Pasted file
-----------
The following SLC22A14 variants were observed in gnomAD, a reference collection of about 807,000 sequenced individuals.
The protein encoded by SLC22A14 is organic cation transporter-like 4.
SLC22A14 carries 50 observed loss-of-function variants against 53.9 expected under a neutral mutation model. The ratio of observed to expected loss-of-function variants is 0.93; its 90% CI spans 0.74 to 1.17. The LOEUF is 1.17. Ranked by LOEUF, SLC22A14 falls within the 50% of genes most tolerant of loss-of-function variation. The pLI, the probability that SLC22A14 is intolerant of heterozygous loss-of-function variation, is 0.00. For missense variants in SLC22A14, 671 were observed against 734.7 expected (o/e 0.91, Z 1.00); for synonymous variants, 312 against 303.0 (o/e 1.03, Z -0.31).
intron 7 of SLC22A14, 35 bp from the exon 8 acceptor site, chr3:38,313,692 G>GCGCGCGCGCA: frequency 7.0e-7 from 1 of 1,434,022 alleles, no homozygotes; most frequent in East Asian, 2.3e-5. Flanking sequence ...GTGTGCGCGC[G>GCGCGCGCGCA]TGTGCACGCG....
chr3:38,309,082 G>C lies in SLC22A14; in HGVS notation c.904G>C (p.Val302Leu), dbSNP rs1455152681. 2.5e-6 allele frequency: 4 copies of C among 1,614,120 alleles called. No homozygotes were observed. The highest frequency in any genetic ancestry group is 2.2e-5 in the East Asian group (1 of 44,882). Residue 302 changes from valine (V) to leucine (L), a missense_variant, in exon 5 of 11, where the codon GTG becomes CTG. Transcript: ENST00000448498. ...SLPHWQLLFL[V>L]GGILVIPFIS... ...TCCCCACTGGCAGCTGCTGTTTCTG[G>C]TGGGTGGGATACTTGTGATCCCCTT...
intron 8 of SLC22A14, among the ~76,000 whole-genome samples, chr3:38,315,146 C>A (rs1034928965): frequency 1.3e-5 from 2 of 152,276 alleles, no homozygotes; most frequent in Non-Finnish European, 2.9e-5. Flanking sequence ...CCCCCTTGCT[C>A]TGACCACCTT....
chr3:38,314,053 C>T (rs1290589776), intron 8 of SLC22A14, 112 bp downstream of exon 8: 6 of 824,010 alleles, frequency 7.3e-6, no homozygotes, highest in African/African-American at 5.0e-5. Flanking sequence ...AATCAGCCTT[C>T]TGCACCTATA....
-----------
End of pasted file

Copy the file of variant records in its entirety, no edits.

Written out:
The following SLC22A14 variants were observed in gnomAD, a reference collection of about 807,000 sequenced individuals.
The protein encoded by SLC22A14 is organic cation transporter-like 4.
SLC22A14 carries 50 observed loss-of-function variants against 53.9 expected under a neutral mutation model. The ratio of observed to expected loss-of-function variants is 0.93; its 90% CI spans 0.74 to 1.17. The LOEUF is 1.17. Ranked by LOEUF, SLC22A14 falls within the 50% of genes most tolerant of loss-of-function variation. The pLI, the probability that SLC22A14 is intolerant of heterozygous loss-of-function variation, is 0.00. For missense variants in SLC22A14, 671 were observed against 734.7 expected (o/e 0.91, Z 1.00); for synonymous variants, 312 against 303.0 (o/e 1.03, Z -0.31).
intron 7 of SLC22A14, 35 bp from the exon 8 acceptor site, chr3:38,313,692 G>GCGCGCGCGCA: frequency 7.0e-7 from 1 of 1,434,022 alleles, no homozygotes; most frequent in East Asian, 2.3e-5. Flanking sequence ...GTGTGCGCGC[G>GCGCGCGCGCA]TGTGCACGCG....
chr3:38,309,082 G>C lies in SLC22A14; in HGVS notation c.904G>C (p.Val302Leu), dbSNP rs1455152681. 2.5e-6 allele frequency: 4 copies of C among 1,614,120 alleles called. No homozygotes were observed. The highest frequency in any genetic ancestry group is 2.2e-5 in the East Asian group (1 of 44,882). Residue 302 changes from valine (V) to leucine (L), a missense_variant, in exon 5 of 11, where the codon GTG becomes CTG. Transcript: ENST00000448498. ...SLPHWQLLFL[V>L]GGILVIPFIS... ...TCCCCACTGGCAGCTGCTGTTTCTG[G>C]TGGGTGGGATACTTGTGATCCCCTT...
intron 8 of SLC22A14, among the ~76,000 whole-genome samples, chr3:38,315,146 C>A (rs1034928965): frequency 1.3e-5 from 2 of 152,276 alleles, no homozygotes; most frequent in Non-Finnish European, 2.9e-5. Flanking sequence ...CCCCCTTGCT[C>A]TGACCACCTT....
chr3:38,314,053 C>T (rs1290589776), intron 8 of SLC22A14, 112 bp downstream of exon 8: 6 of 824,010 alleles, frequency 7.3e-6, no homozygotes, highest in African/African-American at 5.0e-5. Flanking sequence ...AATCAGCCTT[C>T]TGCACCTATA....